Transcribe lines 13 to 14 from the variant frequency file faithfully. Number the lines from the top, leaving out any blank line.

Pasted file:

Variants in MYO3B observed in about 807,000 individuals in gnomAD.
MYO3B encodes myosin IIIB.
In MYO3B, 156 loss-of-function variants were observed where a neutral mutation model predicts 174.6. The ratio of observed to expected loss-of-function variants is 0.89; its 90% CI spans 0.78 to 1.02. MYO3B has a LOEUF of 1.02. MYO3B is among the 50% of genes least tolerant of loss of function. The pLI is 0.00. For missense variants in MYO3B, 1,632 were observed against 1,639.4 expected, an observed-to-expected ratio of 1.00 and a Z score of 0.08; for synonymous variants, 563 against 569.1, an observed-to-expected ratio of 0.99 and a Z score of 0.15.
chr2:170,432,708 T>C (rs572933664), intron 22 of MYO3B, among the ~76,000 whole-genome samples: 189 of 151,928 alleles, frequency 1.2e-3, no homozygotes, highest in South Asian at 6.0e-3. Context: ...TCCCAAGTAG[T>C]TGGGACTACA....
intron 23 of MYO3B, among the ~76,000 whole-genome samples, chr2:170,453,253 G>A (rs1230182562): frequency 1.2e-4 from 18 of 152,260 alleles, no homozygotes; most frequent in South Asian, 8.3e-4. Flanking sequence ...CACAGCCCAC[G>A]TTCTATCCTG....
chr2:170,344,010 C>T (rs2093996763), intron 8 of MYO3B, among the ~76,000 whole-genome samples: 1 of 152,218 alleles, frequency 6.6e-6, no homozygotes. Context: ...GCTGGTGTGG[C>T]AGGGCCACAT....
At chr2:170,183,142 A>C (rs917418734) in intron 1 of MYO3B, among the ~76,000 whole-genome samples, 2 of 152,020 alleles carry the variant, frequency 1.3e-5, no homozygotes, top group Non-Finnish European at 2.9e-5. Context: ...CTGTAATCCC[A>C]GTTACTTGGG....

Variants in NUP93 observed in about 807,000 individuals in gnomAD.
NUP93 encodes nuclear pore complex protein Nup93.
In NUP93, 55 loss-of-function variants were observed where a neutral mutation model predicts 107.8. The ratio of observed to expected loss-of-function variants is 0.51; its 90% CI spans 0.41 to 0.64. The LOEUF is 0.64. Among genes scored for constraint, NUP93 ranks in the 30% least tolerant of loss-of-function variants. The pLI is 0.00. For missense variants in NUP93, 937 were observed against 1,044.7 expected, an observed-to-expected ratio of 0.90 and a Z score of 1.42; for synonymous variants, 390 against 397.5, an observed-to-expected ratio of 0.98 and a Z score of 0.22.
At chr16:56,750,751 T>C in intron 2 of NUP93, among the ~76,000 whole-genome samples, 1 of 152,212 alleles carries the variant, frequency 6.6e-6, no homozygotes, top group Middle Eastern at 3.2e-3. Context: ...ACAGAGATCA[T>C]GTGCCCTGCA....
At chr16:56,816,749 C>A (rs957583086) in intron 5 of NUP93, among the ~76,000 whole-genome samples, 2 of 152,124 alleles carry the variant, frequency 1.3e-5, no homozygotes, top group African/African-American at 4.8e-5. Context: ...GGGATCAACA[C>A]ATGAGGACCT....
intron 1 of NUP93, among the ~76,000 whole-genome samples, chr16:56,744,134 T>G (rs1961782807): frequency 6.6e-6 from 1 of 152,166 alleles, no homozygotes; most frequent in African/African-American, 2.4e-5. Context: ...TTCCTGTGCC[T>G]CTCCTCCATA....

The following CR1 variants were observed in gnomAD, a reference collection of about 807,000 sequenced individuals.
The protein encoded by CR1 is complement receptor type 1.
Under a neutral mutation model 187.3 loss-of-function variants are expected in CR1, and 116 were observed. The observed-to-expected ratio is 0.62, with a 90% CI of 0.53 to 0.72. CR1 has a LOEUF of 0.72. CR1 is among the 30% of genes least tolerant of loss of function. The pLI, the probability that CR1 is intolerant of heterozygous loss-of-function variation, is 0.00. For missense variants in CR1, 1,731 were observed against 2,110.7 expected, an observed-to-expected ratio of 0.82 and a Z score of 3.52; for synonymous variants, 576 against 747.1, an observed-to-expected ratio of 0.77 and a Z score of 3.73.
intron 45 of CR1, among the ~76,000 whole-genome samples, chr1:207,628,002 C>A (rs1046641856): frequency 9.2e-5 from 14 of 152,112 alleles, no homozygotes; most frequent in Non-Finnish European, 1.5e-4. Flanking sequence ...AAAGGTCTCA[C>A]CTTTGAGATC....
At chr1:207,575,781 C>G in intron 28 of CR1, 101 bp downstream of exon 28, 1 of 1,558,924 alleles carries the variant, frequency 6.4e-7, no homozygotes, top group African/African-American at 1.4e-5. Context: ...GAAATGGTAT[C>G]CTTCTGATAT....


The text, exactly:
intron 1 of NUP93, among the ~76,000 whole-genome samples, chr16:56,744,134 T>G (rs1961782807): frequency 6.6e-6 from 1 of 152,166 alleles, no homozygotes; most frequent in African/African-American, 2.4e-5. Context: ...TTCCTGTGCC[T>G]CTCCTCCATA....

The following CR1 variants were observed in gnomAD, a reference collection of about 807,000 sequenced individuals.